When an object has a slanted or inclined surface, it usually is not possible to show the inclined surface in an orthographic drawing without distortion. To present a more accurate description of any inclined surface, an additional view, known as an auxiliary view, is usually required.
An auxiliary view is simply a “helper” view, which shows the slanted part of the object as it actually is. It turns, or projects, the. object so that the true size and shape of the surf ace (or surfaces) are seen as they actually are.
Auxiliary views are commonly found on many types of industrial drawings.
Front View Auxiliaries
There are three basic type of auxiliary views. In the first type, the auxiliary view is projected from the front view of a three view (orthographic) drawing. In the second and third types of drawings, the auxiliary views are projected from the top and side views.
Here is a front view auxiliary of a simple object with an inclined surface.
Notice that the projection lines are perpendicular to the slanted surface of the first view, and that only the slanted surface of the object is shown in the auxiliary view. · The rest of the object is omitted, however, for clarification portions of the adjacent· surfaces are sometimes shown. Also, notice that the slanted surfaces of the top and side views are shortened because of distortion, whereas the surface of the auxiliary view is true, or actual size.
To sketch an auxiliary view, you begin with orthographic. views of the object and add projection lines perpendicular (90◦) to the slanted surface, adding a reference line any convenient distance from the view with the slanted surface.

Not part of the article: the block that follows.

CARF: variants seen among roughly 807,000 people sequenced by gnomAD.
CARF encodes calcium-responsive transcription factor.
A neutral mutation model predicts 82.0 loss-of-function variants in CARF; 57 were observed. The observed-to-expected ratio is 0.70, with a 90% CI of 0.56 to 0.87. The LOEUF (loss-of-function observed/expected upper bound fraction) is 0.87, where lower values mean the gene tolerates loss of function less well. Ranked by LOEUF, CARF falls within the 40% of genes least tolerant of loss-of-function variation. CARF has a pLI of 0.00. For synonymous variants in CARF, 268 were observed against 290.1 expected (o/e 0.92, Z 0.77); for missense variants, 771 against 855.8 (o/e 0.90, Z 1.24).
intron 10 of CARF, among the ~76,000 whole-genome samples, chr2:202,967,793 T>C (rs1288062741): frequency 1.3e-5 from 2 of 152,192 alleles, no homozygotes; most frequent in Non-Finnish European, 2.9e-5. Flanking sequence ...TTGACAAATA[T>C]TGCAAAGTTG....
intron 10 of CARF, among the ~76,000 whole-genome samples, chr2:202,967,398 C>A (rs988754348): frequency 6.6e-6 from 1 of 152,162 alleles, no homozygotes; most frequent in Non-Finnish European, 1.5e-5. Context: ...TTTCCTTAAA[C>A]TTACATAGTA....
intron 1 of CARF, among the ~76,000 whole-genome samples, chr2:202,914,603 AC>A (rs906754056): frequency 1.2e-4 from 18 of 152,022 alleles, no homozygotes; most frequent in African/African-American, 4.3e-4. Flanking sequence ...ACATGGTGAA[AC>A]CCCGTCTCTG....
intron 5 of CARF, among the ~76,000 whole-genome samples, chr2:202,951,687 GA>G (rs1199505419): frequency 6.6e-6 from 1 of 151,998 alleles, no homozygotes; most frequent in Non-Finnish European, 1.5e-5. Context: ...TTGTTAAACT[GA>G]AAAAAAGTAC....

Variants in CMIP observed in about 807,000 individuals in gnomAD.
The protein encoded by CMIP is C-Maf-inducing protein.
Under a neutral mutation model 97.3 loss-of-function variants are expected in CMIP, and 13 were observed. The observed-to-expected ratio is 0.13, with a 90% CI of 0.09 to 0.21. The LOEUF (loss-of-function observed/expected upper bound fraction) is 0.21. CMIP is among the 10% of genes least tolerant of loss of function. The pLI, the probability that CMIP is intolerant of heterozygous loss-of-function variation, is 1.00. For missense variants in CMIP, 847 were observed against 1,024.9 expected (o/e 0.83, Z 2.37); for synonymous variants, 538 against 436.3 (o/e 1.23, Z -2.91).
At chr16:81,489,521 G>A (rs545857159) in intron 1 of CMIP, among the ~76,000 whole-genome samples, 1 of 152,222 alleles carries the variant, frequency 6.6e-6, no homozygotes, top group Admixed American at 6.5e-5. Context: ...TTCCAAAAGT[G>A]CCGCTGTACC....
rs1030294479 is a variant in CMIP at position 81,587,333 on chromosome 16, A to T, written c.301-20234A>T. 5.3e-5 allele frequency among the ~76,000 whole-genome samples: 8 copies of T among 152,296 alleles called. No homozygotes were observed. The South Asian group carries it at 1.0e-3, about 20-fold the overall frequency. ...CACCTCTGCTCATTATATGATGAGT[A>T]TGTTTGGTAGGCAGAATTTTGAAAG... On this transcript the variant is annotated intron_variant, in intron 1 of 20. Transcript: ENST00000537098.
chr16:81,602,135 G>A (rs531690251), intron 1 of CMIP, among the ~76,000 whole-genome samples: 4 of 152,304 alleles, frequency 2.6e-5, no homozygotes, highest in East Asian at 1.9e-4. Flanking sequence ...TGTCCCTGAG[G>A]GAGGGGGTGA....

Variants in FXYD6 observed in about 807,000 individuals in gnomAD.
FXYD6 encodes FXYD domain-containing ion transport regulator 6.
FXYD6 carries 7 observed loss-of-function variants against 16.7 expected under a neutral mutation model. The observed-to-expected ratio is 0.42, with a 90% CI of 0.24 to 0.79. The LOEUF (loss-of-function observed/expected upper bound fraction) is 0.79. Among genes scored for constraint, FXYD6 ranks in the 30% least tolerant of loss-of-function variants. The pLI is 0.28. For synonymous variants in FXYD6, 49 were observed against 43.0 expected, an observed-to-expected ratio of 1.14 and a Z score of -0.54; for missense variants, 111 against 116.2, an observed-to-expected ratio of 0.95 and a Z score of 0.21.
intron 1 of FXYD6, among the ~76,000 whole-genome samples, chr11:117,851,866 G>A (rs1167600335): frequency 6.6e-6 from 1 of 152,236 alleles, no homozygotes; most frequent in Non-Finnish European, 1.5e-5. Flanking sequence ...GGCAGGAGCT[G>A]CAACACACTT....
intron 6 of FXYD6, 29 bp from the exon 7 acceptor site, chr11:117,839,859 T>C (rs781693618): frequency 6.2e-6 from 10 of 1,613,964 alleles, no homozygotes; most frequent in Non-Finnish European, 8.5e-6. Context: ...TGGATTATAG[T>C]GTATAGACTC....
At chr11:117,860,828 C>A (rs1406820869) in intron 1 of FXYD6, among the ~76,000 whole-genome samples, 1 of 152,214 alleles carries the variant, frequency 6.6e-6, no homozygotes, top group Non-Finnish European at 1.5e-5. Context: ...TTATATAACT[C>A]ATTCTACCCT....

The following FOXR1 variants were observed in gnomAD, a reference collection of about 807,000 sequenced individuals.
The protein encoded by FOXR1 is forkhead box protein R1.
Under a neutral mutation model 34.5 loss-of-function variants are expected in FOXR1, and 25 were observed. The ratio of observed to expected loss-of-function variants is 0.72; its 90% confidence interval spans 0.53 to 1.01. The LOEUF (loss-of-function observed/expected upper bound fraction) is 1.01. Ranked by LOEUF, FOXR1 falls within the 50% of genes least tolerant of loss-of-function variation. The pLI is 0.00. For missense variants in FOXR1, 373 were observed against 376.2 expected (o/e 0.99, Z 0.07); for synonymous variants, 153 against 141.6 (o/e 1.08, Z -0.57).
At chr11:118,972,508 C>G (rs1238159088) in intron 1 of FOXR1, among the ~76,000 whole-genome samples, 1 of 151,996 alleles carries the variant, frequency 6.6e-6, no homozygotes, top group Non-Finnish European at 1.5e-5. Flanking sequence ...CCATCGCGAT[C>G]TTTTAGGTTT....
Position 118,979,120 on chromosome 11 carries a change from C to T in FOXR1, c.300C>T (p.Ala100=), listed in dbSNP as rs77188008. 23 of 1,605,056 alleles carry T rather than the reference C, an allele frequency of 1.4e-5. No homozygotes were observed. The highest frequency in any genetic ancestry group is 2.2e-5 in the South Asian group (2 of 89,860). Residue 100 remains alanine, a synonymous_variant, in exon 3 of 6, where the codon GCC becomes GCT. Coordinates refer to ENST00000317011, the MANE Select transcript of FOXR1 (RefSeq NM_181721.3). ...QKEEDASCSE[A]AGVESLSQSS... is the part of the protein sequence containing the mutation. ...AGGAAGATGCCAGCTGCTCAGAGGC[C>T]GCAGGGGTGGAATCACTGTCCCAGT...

Next, the distance CB on the auxiliary view is made the same length as the related distance in one of the orthographic views; in this example it’s the side view. This completes the auxiliary view.
Top View Auxiliaries
A top view auxiliary is developed in the same way as a front view auxiliary, except that the auxiliary is projected from the top view.
Whether the auxiliary view is to be projected from the front, top, or side view depends on the position of the object, or which surface of the object is slanted. In this example, the top view is slanted. Therefore the auxiliary view must be projected from the top view.
Again, notice how the angled surfaces shown in the front and side views are not shown in true length.
Side View Auxiliary
Side view auxiliaries are drawn in the same way as front and top view auxiliaries. Again, where the auxiliary view is to be projected depends upon the position of the object or which surface of the object is slanted.
Obviously, these are very basic auxiliary view examples and are presented to introduce you to the concept of auxiliary views.
As objects with inclined surfaces become more complex, auxiliary views provide a means of presenting objects in their true size and shape.
Sketching Auxiliary Views
The following problems require and auxiliary view to be complete. Sketch the auxiliary views required in the spaces provided.
Drawing practice 1
Drawing practice 2
In this problem, a round hole is centered on the slanted surface and drilled through the object. The hole appears elliptical in the. front and side views because of distortion. It will appear in its true shape on the auxiliary view. Remember that the auxiliary is developed from the view with the slanted surface. Complete the auxiliary view.
Drawing practice 3
In this problem, a square hole has been cut part way into the object. Complete the auxiliary view.
Directions: Complete the auxiliary view in the space provided.